Flood Recovery Still Ongoing for Some Midlands Victims

Apr 26, 2018

For some, the so-called “thousand-year rain” and the floods that followed it in October 2015 may seem an event long past, but many are still recovering from the storm’s devastation.  For some businesses in Richland County, the after effects of the floods continue to pose particular difficulties. Take the Four Paws Animal Clinic, which was forced to operate out of a temporary location for more than two years after the flood, when the business' original building bordering Gills Creek was ruined. It was only recently that Four Paws was finally able to move to a new location on Forest Acres.

“[We] love the new building,” said Dr. Nori Warren, a veterinarian at Four Paws. “Love it, love it, love it. It’s been a long time in the coming.”

Warren said the clinic got no help from FEMA, but its flood insurance ultimately did come through, enabling clinic to rebuild in a new location. Even more challenging, however, was replacing the countless pieces of underinsured equipment that were lost.

Four Paws Animal Clinic was almost completely submerged by flood waters following the historic rains of Oct. 4, 2015. The clinic was able recently to reopen back near its original location in Forest Acres near Columbia.
Credit Tut Underwood/SC Public Radio

“About the only thing we salvaged were a couple of solid metal tables and some of our instruments that we sent back to the factories,” said Warren. “We had them all autoclaved and cleaned and made sure they weren’t carrying any kind of contaminant.”

Some equipment was replaced by insurance, but it was the generosity of other vets around the country that helped the clinic most.

“It’s still overwhelming to think about the number of people that supplied us with literally everything from toilet paper to surgery tables and anesthesia ventilators,” she said. “People just came out of the woodwork and were so gracious to us.”

Now that Four Paws has largely recovered, Warren and her colleagues are determined to help similar businesses that become victims of floods. They’ve sent supplies and gift cards to clinics in Texas and Louisiana who lost their buildings and equipment in recent weather events. To Warren, this is a better method of coping than dwelling on her own losses, which were significant. When the rain came in 2015, 4 Paws was just a year away from paying off their loan.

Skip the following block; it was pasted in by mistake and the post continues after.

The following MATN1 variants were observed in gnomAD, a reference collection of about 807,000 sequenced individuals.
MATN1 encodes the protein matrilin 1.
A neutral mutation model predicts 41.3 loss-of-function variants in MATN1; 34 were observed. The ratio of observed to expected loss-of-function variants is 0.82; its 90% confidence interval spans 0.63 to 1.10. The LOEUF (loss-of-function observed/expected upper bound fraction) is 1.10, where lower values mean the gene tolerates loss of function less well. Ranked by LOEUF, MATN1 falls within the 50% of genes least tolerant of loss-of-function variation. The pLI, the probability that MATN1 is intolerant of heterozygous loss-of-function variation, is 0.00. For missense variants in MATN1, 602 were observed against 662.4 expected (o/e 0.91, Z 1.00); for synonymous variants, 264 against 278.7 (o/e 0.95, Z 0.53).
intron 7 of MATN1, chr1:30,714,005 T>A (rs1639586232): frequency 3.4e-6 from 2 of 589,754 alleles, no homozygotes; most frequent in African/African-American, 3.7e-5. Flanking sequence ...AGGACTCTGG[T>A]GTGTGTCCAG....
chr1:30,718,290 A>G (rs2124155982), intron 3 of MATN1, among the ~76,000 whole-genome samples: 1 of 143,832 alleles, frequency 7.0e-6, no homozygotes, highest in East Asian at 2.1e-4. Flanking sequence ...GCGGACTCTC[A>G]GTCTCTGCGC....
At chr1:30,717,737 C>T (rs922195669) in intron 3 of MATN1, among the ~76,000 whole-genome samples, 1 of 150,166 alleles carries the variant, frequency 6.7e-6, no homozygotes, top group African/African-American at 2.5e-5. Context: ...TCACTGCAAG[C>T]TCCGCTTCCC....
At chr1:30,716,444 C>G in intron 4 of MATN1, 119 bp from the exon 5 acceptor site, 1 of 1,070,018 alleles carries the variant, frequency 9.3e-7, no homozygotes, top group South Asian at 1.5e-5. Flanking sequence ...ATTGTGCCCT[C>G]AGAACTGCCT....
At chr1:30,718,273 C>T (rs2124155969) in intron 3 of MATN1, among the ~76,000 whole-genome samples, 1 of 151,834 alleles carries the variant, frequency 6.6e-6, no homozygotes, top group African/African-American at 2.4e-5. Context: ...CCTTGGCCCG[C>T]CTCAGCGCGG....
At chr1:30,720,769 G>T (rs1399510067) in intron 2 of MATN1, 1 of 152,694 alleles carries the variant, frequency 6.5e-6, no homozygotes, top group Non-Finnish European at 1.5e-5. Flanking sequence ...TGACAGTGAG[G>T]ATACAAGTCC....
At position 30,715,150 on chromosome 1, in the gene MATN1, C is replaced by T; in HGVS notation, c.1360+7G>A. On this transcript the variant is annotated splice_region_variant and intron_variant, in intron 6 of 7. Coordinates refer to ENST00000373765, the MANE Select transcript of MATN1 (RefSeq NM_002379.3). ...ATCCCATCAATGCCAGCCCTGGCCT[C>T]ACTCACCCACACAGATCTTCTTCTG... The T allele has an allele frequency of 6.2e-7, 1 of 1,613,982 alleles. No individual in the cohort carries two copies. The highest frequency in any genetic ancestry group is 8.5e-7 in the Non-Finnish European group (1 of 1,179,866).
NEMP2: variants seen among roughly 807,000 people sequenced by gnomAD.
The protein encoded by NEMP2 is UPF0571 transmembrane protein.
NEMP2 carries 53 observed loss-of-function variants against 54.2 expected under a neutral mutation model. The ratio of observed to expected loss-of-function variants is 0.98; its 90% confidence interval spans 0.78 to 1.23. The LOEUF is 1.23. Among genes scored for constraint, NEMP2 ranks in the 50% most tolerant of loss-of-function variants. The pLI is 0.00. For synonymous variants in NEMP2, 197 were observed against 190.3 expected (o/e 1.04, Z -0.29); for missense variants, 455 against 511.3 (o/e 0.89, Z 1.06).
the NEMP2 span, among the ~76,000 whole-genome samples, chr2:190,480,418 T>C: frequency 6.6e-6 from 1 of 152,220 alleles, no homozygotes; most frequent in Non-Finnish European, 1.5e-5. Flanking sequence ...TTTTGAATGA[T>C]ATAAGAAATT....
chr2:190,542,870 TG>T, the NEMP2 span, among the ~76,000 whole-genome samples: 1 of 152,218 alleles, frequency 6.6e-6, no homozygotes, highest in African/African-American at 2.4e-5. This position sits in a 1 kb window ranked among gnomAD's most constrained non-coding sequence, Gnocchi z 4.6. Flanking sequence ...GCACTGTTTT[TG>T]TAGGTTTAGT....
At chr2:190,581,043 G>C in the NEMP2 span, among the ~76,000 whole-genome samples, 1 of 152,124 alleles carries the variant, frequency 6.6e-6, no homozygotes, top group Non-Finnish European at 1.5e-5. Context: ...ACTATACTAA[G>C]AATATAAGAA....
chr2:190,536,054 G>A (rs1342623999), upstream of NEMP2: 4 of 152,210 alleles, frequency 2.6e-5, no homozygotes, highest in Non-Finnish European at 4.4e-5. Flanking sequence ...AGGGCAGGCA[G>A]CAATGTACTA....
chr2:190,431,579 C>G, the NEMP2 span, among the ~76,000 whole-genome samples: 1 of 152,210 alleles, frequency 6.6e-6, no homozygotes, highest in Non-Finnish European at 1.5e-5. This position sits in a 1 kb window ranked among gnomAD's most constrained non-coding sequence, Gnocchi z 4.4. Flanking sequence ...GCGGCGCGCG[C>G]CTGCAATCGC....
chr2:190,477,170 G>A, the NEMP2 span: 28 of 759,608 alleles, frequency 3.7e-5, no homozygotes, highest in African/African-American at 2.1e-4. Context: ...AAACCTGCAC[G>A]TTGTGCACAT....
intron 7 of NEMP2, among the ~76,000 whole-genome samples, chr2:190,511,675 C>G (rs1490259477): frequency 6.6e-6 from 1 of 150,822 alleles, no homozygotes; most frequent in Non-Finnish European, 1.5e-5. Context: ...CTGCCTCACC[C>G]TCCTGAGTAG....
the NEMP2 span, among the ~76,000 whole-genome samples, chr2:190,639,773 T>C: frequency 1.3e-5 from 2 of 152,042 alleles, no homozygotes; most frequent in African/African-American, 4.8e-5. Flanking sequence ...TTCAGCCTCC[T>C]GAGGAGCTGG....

“If I go back and dwell on that, I’m definitely gonna stir up a lot of deep, dark demons, and so I just don’t go there. It’s gotten us into a place that is as great, if not better. We’ve gotten into a larger building; we’ve got room to grow.”

The greatest positive, however, was that no animals were in the clinic at the time of the flood, so no animals or staff were harmed.

On the other hand, some businesses are still working to replace buildings destroyed by the flood. Across town, Harmony School, a non-profit, private elementary school near Eight Mile Creek, has yet to break ground on a new class building to replace the pre-school building destroyed in the flood. While plans have been drawn up for a new building that will be completely out of the flood plain where the old building sits (the remaining structure is still used for storage, but not fit for hosting classes), the groundbreaking won’t the ready to take place until later in 2018.

School Administrator Jen Peterman said fundraisers have provided the money to get started on the new building. The kids have gotten involved in the efforts, from an oyster roast, to a rummage sale, to bringing in box tops. But by and large, raising money has been quite difficult.

“We’ve applied for a few grants, but have been denied. It’s hard when you’re a non-profit, private school,” Peterman said.

With less space, the Harmony has been forced to downsize its programs in the past few years, meaning fewer students are able to enroll. The waiting list for Harmony has grown to 60 kids. That’s one reason the new building is so important. In the meantime, the students at Harmony School have adapted to their temporary class arrangements in portables.

“They still have a building to go to; they still have the love and care of the teachers,” said Peterman. “It’s not ideal, but it keeps us going. And it helps us serve these children.”

Some of the youngest students can’t remember the flood, and never saw what the school looked like before. But others, like Jackson Morgan, have been enrolled at Harmony for years, and remember well. Jackson is looking forward to returning to the building where he made his first memories at Harmony, but he said he’s still enjoying school in the meantime.

“I don’t think that really big things have changed,” he said, “but it’s a good thing the pre-school building is actually getting fixed, and we’re gonna go back to the normal days. The old days.”